Wednesday, February 7, 2007

Under the Ice - for Fun!

When I was at university, I got a call from some people I knew at Canada's Fishery Research Board (FRB) wondering if I would like to go to the arctic to go diving under the ice in mid-winter. Natually I was concerned about my studies and a host of other important items, but after a pause of 30 nano-seconds, I signed on making up a team of three, two of us being divers.

We flew out to Edmonton and then north to Cambridge Bay. Once there we bunked in with a few 'old hands' as people called them back then, men who seemed to have lived most of their lives in various arctic towns with no visible means of support other than being handy at just about anything. When one old guy discovered I was a university student, he proudly informed me he had obtained his whole schooling off the back of match-boxes. As a chain-smoking man, he considered himself rather well educated, and in many ways, he was!

We hired an Inuk snow machine driver to pull an 8 x 8 x 8 plywood shack on skids over the sea ice for about 40 miles to a small lake where the men from the FRB had been conducting a lake productivity study the previous summer. Once there, we set to chain-sawing a hole down into the lake water, about a meter down into the ice. That was done with the usual amount of cursing and tom-foolery associated with working outside when it's far too cold to work outside. Then the hut, which had a diving hole set into the floor, was manouvered over the pool of smoking water. We then banked up the shack's sides around the bottom with snow blocks to prevent the water from freezing too hard over night. Finally, after a long day, we retired to a local Inuit house for the evening. It was dark by this time and about -40°C, so we were ready for something warm to eat.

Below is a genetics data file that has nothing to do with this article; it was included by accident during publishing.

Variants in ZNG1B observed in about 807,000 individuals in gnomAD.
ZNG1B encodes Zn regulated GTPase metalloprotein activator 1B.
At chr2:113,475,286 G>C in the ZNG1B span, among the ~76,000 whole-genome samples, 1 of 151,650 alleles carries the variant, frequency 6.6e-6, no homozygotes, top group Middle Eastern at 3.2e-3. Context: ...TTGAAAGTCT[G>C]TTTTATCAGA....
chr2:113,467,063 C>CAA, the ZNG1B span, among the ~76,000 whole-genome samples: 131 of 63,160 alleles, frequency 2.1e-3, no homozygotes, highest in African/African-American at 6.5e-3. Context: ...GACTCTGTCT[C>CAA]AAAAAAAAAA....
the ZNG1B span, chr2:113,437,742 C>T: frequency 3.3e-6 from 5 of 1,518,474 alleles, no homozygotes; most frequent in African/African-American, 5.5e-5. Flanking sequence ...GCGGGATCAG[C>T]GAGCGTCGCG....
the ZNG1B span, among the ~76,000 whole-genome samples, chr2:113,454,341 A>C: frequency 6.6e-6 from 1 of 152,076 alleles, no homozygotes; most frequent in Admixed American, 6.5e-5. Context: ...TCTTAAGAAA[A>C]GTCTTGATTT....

I'll continue tomorrow...

Note: the snow machine we used was built by Bombardier, makers of the 'Ski-Doo'. It was an incredible machine seating 7 people more or less comfortably and was once seen everywhere in Canada's arctic. Alas, they are now only seen in museums. The Bombardier company now makes planes and subway cars around the world and recently celebrated the 100th anniversary of it's founder, Armand Bombardier.

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